David Bernstein recently wrote an article describing how the progressive education movement might consider revamping its approach. I’ve previously advocated that I believe the “anti-reform movement” is not really the progressive education movement, as those in the anti-reform movement appear to simply be advocating for pre-NCLB education, with no acknowledgement of the need for improvement. Below is my specific response to his article, which I included in the comments section of the orignal article.
I have to say that overall I feel bad critiquing some of the folks in the anti-reform movement, such as Diane Ravitch, because I truly believe her heart is in the right place, and that she is right in many of the issues. However, a sensationalized approach (including personalization and propaganda) coupled with a lack of forward-thinking severely limits the efficacy of their approach.
Here’s my reply:
Thanks for this article David. I can’t overstate how much this needs to be heard right now. Like many folks, I side with many ideas presented by Diane Ravitch and some other anti-reform folks, but I strongly disagree with their presentation style:
1) As you mention, they often express what they against, not for.
2) They do not acknowledge that our educational system has a long way to go. In fact, some argue strongly that teacher/school quality is of little concern, that we should only be focused on poverty.
3) They personalize arguments, which is highly unprofessional. They often post unflattering pictures of folks like Rhee and Duncan, call them names, and use highly inflammatory language. The result is that many rational folks don’t see the point of the story because they are turned off by the unprofessionalism of the presentation style.
4) They refuse to acknowledge any grey area in their arguments. To them, charters are completely bad and evil. Curriculum companies such as Pearson are completely bad and should never be used, despite the fact that a vast majority of useful assessments and intervention packages used by support personnel (social workers, psychologists, counselors) come from Pearson. I’m not saying they shouldn’t be firm with their beliefs, but when they fail to acknowledge what truth may actually lie in the other side of the argument, they appear to lack credibility.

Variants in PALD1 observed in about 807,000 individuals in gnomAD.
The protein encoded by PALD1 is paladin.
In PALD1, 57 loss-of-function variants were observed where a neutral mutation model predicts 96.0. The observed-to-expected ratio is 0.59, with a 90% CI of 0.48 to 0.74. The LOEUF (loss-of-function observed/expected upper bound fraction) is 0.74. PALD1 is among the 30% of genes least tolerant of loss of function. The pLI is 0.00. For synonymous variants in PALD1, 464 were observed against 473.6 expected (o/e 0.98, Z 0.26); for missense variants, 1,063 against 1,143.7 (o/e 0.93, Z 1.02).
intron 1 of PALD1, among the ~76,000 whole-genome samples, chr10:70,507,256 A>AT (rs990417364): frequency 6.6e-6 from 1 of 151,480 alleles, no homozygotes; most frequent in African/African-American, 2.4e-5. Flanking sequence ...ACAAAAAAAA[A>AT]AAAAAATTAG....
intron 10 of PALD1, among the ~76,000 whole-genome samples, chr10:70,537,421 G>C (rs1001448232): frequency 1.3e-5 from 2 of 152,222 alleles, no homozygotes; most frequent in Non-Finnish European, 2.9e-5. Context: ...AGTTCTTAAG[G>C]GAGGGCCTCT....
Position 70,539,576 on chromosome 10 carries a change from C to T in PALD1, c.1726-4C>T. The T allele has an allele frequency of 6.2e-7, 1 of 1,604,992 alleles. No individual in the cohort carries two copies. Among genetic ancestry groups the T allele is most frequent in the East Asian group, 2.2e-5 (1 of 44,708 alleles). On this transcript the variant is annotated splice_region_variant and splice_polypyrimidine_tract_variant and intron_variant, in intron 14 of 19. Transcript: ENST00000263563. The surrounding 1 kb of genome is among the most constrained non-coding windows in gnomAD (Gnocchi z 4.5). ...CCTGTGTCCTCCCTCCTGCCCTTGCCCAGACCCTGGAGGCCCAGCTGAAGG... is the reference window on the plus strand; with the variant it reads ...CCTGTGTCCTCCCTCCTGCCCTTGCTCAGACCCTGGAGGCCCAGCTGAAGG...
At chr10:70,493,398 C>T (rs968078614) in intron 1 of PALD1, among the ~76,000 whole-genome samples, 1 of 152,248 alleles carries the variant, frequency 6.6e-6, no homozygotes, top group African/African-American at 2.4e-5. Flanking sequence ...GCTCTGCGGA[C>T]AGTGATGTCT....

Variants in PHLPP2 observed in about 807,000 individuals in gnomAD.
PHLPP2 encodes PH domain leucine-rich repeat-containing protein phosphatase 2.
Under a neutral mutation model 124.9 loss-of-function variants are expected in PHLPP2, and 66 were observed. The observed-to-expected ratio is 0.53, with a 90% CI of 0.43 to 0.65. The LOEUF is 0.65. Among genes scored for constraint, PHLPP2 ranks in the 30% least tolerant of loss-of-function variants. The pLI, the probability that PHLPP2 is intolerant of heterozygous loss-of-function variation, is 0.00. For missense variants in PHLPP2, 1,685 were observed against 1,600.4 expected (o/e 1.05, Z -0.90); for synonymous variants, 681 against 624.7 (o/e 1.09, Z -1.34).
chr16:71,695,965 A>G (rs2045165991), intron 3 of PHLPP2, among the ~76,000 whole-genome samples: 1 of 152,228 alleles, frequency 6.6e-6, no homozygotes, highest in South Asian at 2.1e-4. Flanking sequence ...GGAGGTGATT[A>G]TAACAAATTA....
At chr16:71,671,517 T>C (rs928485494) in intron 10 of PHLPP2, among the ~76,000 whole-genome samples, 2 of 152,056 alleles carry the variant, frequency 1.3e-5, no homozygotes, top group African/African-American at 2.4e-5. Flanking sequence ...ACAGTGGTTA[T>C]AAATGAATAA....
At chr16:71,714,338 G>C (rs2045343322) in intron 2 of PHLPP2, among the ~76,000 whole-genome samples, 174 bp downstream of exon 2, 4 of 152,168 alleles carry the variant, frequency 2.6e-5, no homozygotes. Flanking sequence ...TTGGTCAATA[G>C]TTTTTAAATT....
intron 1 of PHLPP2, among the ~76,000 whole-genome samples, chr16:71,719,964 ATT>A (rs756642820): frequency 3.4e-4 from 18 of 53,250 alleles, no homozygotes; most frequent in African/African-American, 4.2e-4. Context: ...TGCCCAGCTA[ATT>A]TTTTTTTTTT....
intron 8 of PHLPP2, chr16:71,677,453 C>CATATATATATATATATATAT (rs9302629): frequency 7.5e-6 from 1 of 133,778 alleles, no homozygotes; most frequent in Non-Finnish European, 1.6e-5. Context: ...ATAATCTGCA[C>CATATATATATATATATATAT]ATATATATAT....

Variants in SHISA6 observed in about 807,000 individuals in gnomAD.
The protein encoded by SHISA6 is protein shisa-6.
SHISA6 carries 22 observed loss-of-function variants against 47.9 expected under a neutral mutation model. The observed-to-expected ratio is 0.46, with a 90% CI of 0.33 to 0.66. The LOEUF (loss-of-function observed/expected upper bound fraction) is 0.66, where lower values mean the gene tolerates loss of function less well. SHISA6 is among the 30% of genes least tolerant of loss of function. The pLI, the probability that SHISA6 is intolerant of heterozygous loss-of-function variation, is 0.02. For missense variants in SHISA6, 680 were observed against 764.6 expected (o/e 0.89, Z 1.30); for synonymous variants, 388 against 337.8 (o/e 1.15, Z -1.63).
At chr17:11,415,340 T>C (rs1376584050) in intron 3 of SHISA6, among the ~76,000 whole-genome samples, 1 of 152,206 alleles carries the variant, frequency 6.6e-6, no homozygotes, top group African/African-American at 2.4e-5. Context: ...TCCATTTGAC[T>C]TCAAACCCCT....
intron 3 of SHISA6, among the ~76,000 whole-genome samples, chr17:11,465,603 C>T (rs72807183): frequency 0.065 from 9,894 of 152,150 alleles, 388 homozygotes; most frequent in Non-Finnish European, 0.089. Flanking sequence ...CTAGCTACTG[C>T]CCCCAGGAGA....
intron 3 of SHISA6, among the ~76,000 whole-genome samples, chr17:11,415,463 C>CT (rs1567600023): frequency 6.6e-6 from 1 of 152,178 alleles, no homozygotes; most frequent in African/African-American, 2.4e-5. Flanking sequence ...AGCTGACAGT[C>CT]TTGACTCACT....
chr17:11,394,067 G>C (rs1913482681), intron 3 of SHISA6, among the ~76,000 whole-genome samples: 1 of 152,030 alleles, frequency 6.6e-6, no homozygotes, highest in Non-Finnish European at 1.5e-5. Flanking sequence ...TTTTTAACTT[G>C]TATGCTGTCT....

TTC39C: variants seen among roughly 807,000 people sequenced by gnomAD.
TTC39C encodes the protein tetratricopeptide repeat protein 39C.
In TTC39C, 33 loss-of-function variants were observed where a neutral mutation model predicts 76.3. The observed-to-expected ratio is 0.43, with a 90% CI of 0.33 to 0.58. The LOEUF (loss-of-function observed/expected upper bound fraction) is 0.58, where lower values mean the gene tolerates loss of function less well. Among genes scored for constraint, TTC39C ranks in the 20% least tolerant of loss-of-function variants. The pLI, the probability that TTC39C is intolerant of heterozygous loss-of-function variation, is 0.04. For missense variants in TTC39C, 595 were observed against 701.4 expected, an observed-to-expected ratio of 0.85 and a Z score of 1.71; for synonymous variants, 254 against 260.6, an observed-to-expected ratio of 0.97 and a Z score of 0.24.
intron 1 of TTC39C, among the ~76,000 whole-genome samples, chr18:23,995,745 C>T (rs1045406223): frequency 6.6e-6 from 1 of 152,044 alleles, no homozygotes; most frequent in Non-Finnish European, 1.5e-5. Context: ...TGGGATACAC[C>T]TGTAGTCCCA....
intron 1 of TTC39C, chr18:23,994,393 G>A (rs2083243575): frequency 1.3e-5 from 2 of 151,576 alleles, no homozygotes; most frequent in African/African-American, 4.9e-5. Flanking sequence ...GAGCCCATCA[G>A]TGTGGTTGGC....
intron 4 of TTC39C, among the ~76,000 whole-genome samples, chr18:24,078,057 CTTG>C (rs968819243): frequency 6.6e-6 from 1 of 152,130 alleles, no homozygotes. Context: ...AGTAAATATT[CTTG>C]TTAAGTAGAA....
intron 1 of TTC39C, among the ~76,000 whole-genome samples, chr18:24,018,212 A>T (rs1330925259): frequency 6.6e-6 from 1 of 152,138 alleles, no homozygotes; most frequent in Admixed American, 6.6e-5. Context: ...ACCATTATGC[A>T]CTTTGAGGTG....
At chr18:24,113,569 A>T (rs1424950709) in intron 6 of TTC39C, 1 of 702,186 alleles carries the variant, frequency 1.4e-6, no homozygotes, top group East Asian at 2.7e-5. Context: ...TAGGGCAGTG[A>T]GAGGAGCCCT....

5) They have amassed a following similar to Rush Limbaugh or other propaganda-oriented figures, in large part because they rely as much on propaganda as they do on fact. The sad truth is that there IS fact behind many of their arguments, but rather than taking the calm and analytical approach of using that fact, they sensationalize most stories, perhaps because they don’t think their followings will be able to grasp the truth?
Overall, I don’t think you can call folks like Ravitch or the folks behind “Dump Duncan” part of the “progressive education movement” because they aren’t advocating for progress – they are advocating for regression back to pre-NCLB times, completely ignoring that there was, in fact, a problem to begin with. And, while characterizations of the teaching profession as wholly lazy and unskilled are not true, neither are characterizations that they are all completely competent and doing everything they could be doing.
I hope folks reading this, David, and realize that there is a third option – it’s not either corporate reformers (e.g., Gates Foundation) or anti-reformers (e.g., Ravitch), but progressives who believe that we DO need to make changes in our educational system (and, in fact, already are), but not ones based on privatization and competition advocated by corporate reformers and both sides of current political leadership.